Food Glorious food August 21st 2011 – Rev. Jay Wolin
Food is Love!! I heard this phrase throughout my lifetime in my house growing up. Eating together was a sacred event. Dinner was often the one time when the family was always together. No matter what I was doing, I had to be home in time for dinner. My father would leave work and often have to return after dinner. I think much of this was due to my family’s experiences during the depression in the 1930s, when food was not so plentiful, and so therefore food just for the sake of sustenance was celebrated and revered. Of course I think dinner might have been even more sacred if someone in my birth family was a better cook. In the Orlando congregational cookbook, I put down my mothers’ special recipe, the telephone number for the Chinese Takeout restaurant.
And lets think about Unitarian Unviersalism. How much food is apart of our culture. In the short time I have been here, I see we celebrate often with potlucks, not just with ourselves, but also as a way of including the larger community such as we had last weekend as we broke break with members from the refugee community. And always we are conscious of those with different eating lifestyles and provide vegetarian/vegan offerings at such occasions.
Many members here are active in the Community Sustainable Agriculture Movement, Many Members here work with Church’s United serving a community meal to those in need and as we heard this morning the Crop Walk for Hunger. If you would like to get involved with that, please let me know. We have a tradition of having Labor Day cookouts, and Thanksgiving dinners for people to celebrate together. And in this as in almost every Unitarian Universalist congregation I am aware of Coffee Hour is a major part of our communal life together. It is the one time when the most of us are together at one time. It is the first time we will have the opportunity to meet with and get to know first time guests to our congregation. It is a weekly celebration of our existence as a congregation together. And such a time should be celebrated with a sense of joy. So please if you ever feel the spirit move you to bring food for coffee hour, you don’t need to ask permission, just follow that spirit. And if the spirit moves you to clean up, even if the spirit doesn’t move you to clean up, you don’t have to ask permission, at the end of coffee hour, please help clean up!!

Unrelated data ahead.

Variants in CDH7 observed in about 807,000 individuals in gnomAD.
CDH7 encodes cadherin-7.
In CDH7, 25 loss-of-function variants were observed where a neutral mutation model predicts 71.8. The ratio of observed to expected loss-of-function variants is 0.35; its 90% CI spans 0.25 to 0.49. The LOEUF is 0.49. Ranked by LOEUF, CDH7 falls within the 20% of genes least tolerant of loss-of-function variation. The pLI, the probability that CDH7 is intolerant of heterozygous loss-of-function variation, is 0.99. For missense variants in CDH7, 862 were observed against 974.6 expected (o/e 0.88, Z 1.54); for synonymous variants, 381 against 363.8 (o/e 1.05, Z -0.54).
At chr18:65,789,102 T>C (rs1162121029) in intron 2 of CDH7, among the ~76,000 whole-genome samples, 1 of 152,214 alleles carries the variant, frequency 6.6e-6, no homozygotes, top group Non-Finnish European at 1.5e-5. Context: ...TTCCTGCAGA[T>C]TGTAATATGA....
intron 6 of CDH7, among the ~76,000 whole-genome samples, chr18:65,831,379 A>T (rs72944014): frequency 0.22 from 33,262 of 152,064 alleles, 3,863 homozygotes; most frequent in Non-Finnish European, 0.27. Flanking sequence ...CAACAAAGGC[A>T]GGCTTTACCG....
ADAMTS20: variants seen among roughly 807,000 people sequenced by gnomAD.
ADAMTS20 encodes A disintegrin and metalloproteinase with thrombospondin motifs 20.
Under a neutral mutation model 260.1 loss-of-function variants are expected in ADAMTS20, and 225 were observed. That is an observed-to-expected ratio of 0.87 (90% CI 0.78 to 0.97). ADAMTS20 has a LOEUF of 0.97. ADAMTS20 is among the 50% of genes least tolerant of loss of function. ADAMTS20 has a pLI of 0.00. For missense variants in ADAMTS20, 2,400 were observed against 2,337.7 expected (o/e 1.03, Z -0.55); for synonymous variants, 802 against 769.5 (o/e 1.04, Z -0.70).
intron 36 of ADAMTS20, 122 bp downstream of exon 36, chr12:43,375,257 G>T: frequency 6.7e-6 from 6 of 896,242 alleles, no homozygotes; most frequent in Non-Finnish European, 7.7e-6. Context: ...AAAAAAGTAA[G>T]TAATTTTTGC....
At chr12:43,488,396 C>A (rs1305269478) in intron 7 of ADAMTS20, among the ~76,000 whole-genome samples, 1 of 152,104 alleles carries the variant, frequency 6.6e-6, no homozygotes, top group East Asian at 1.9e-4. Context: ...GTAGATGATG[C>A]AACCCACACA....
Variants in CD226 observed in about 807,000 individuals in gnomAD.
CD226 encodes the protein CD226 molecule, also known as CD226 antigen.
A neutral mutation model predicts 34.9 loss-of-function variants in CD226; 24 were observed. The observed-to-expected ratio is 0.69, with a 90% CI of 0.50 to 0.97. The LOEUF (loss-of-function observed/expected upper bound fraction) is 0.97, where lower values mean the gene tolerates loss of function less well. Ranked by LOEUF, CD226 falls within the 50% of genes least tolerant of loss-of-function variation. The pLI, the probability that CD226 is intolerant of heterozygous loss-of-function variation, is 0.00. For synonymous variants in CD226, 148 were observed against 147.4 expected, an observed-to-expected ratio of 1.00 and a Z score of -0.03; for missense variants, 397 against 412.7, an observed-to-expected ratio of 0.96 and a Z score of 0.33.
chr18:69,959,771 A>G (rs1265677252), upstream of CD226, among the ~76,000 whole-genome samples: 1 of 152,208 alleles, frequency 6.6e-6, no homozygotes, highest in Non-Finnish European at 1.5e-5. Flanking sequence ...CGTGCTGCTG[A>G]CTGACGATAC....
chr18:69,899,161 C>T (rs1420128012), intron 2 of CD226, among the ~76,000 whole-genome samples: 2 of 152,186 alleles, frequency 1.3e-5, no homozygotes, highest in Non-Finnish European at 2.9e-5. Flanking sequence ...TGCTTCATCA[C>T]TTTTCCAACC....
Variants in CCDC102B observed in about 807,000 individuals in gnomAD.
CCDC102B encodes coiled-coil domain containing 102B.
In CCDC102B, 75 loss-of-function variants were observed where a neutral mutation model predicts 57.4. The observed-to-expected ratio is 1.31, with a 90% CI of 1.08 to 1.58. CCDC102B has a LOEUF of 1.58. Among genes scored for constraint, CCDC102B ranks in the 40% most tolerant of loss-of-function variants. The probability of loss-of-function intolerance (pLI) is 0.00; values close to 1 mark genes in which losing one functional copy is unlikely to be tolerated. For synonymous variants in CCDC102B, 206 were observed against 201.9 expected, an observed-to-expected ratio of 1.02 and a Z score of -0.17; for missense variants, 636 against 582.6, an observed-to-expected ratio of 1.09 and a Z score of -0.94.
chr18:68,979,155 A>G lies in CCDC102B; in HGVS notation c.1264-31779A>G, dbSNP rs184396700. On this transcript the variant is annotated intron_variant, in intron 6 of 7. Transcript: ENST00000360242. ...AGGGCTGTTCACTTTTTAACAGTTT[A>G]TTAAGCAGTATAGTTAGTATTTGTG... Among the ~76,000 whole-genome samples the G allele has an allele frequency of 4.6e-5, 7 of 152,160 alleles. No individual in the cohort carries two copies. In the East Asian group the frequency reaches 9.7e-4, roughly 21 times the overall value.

And of course in our American Culture that is the religion of Football, Super Bowl Sunday being its highest holiday, the Super Bowl is the largest day of the year for takeout food where hundreds of millions of dollars are spent every year.
So my point in all of this, is to make present to us that we have a deep relationship with food. It has become much more than mere sustenance for us. It has become part of our culture to utilize food as a way of expressing ourselves and our emotions. We have been blessed with an abundance of food here in America and often we take it for granted. I think food has always been a part of the religious rituals of humanity specifically to remind us not take food for granted. The three main Western religious traditions often focus on the denial of food through fasting or food laws as a spiritual practice. I always found this fascinating. Why deny yourself food when we have plenty of it. How does this help us.
I have actually maintained the tradition of fasting on Yom Kippur. Not for historic religious reasons, but because I have found it to be a centering practice in my life. What I find most revealing about it is that it points to the mind body disconnection I often have about food. When I fast, I become conscious about food. What I become most conscious about is really how little food I really NEED to eat during the day. It is in the breaking of our daily habits that we can see things in a new objective light. Another way I have experienced a way to think of food differently is through the intentional practice of mindful eating.
We the people, can change our eating habits, we can change our selves, and by doing so, by being a model, we the people can change the culture and create a sustainable world for all people. Unitarian Universalism in a recently passed statement of conscience titled “Ethical Eating” calls us to “strive to choose foods that minimize harm and are protective of the environment, consumers, farmers, and all those involved in the food production and distribution.” And although we have no creed or authority that require us to follow such recommendations, we are asked to use all our faculties, the faculties of the heart and mind, reason and reverence, to think about the issues raised.